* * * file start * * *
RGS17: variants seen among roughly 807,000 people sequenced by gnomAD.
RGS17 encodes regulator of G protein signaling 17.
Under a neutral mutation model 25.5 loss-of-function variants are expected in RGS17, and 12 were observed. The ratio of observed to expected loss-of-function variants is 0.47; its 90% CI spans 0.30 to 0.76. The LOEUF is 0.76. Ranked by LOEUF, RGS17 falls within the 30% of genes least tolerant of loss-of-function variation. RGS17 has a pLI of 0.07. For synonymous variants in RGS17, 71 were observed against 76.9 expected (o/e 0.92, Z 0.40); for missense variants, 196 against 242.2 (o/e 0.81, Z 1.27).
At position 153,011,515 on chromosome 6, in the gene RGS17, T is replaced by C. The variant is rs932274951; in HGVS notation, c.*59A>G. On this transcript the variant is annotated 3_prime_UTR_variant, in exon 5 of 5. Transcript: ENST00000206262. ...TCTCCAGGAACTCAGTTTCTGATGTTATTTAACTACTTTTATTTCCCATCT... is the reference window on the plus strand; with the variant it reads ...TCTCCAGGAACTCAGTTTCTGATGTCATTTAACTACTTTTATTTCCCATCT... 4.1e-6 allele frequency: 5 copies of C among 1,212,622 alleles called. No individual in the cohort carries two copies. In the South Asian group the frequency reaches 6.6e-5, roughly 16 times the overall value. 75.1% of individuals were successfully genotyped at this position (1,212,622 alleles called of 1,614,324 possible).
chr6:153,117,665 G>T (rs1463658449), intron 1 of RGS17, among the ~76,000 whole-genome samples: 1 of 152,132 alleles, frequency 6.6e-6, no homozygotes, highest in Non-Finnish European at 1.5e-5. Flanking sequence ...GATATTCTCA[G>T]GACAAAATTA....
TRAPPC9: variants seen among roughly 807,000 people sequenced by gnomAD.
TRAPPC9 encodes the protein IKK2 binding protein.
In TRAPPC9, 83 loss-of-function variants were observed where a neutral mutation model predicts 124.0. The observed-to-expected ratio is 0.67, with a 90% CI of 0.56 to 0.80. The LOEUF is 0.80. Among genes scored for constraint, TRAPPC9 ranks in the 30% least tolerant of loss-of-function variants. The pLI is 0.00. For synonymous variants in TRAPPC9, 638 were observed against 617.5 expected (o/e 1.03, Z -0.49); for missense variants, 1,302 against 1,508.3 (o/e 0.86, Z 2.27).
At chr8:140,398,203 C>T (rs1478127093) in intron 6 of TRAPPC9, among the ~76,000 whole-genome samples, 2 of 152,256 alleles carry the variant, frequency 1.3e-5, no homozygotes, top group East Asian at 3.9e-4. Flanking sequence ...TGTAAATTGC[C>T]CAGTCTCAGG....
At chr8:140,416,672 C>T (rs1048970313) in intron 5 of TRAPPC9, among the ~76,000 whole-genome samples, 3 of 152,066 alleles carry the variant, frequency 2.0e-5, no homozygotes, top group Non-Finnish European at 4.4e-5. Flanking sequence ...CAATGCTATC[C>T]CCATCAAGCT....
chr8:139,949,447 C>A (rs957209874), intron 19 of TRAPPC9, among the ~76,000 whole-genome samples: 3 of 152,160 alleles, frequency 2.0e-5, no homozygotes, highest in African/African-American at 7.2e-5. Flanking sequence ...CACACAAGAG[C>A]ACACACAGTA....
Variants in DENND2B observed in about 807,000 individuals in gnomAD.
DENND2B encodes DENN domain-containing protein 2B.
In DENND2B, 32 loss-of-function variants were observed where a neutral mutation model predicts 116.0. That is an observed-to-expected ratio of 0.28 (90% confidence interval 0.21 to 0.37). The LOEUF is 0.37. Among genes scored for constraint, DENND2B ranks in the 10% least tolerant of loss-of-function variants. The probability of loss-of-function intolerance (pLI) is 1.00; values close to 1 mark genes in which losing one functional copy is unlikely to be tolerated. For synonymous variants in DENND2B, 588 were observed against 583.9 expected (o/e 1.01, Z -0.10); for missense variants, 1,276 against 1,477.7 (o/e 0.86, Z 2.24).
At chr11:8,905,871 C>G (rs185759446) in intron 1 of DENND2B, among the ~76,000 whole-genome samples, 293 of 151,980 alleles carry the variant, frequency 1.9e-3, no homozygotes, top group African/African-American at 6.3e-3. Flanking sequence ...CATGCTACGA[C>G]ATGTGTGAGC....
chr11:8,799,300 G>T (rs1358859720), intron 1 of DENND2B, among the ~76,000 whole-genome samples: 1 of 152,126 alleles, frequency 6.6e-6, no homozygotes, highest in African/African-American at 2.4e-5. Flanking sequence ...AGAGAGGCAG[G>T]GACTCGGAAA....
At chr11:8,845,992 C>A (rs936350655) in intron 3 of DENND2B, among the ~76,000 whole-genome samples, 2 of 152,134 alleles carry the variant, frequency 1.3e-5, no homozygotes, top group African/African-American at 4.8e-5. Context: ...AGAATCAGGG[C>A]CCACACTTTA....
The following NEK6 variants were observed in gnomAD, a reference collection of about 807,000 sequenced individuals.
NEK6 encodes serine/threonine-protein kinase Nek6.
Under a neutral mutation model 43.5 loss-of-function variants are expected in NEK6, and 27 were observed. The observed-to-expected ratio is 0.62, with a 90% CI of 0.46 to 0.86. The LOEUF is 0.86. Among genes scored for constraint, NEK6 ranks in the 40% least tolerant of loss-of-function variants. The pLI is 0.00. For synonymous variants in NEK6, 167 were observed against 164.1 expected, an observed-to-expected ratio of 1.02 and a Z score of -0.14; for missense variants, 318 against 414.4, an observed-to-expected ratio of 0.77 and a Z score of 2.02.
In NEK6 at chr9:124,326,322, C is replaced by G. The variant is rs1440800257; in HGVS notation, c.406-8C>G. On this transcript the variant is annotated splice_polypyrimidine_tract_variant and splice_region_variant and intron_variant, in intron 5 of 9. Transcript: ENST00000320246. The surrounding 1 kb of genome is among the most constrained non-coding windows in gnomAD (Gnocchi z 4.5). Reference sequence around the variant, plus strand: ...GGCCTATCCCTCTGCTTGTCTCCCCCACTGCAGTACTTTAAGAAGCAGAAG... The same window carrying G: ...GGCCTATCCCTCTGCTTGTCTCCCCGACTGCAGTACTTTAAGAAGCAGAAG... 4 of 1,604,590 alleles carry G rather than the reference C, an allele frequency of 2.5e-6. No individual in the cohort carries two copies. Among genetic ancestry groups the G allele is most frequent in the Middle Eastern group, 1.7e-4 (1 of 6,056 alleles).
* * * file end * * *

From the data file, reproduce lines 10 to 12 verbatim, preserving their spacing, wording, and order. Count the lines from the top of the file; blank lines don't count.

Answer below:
At chr8:140,416,672 C>T (rs1048970313) in intron 5 of TRAPPC9, among the ~76,000 whole-genome samples, 3 of 152,066 alleles carry the variant, frequency 2.0e-5, no homozygotes, top group Non-Finnish European at 4.4e-5. Flanking sequence ...CAATGCTATC[C>T]CCATCAAGCT....
chr8:139,949,447 C>A (rs957209874), intron 19 of TRAPPC9, among the ~76,000 whole-genome samples: 3 of 152,160 alleles, frequency 2.0e-5, no homozygotes, highest in African/African-American at 7.2e-5. Flanking sequence ...CACACAAGAG[C>A]ACACACAGTA....
Variants in DENND2B observed in about 807,000 individuals in gnomAD.